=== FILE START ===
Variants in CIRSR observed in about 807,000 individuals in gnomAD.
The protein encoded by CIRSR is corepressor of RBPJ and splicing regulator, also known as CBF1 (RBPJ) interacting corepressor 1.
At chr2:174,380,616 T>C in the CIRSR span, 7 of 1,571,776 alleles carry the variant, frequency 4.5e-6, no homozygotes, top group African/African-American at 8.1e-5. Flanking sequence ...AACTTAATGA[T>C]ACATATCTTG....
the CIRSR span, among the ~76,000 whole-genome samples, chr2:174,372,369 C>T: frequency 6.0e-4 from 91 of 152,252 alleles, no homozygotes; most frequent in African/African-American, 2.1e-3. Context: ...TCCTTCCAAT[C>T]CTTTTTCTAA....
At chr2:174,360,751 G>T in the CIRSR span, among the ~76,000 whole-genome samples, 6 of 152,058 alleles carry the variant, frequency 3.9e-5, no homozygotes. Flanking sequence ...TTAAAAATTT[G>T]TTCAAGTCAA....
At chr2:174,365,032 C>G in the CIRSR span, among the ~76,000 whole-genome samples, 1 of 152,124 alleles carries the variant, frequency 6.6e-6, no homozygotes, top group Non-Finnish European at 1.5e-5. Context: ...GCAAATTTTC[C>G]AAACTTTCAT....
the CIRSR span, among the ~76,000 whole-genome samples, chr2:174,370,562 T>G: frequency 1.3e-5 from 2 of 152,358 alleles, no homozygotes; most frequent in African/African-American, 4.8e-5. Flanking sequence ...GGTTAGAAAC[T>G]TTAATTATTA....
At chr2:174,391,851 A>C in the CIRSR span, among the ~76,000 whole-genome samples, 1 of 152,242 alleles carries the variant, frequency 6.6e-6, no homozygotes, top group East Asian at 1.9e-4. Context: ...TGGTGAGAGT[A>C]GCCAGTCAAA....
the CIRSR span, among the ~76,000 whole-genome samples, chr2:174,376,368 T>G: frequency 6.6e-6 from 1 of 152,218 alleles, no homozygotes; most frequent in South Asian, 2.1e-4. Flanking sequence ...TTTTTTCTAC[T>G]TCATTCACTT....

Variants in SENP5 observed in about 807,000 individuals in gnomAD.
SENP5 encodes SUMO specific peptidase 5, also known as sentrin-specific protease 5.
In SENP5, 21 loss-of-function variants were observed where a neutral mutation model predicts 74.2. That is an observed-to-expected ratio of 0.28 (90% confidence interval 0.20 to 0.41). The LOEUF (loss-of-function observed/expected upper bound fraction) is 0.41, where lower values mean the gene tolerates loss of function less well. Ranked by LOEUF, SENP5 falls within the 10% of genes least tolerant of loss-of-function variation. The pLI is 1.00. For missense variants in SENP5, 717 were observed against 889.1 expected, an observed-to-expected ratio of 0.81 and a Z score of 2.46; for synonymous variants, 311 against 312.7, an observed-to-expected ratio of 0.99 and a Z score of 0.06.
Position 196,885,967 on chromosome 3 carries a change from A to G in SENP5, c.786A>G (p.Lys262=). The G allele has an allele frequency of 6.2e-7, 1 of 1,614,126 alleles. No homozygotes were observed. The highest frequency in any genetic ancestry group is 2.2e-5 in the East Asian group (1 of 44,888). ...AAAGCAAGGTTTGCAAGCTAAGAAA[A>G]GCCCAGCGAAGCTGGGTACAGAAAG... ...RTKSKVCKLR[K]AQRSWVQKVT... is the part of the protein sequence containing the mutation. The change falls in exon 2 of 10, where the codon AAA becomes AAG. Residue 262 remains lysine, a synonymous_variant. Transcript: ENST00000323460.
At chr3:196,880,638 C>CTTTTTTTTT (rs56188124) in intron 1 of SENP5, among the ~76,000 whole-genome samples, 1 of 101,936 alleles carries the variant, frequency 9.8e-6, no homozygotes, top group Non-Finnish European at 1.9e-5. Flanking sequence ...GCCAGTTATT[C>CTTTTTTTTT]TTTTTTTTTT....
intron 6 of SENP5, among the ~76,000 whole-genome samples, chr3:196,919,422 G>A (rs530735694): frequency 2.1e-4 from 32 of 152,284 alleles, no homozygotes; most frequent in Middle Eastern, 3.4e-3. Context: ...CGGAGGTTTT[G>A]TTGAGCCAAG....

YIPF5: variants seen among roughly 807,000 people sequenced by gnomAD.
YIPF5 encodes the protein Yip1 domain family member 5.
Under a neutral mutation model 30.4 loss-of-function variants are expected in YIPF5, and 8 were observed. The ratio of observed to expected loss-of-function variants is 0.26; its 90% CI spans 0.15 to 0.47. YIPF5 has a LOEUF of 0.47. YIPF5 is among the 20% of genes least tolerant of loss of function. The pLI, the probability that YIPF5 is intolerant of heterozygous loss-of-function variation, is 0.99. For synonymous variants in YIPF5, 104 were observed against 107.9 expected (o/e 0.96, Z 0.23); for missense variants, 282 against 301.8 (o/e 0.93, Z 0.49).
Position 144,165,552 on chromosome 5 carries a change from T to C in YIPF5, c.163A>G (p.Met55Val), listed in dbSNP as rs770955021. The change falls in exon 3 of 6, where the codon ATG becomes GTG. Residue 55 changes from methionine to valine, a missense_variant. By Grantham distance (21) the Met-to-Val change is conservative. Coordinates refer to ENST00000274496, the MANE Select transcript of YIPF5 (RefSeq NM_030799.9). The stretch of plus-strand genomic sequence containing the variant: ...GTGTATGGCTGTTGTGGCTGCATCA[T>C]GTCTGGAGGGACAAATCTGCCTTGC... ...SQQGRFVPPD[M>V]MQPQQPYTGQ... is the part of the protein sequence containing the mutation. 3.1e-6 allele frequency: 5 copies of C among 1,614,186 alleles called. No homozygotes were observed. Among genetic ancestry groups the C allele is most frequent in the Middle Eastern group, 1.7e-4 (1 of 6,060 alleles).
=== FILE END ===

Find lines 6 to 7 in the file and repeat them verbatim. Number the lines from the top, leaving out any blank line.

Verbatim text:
At chr2:174,365,032 C>G in the CIRSR span, among the ~76,000 whole-genome samples, 1 of 152,124 alleles carries the variant, frequency 6.6e-6, no homozygotes, top group Non-Finnish European at 1.5e-5. Context: ...GCAAATTTTC[C>G]AAACTTTCAT....
the CIRSR span, among the ~76,000 whole-genome samples, chr2:174,370,562 T>G: frequency 1.3e-5 from 2 of 152,358 alleles, no homozygotes; most frequent in African/African-American, 4.8e-5. Flanking sequence ...GGTTAGAAAC[T>G]TTAATTATTA....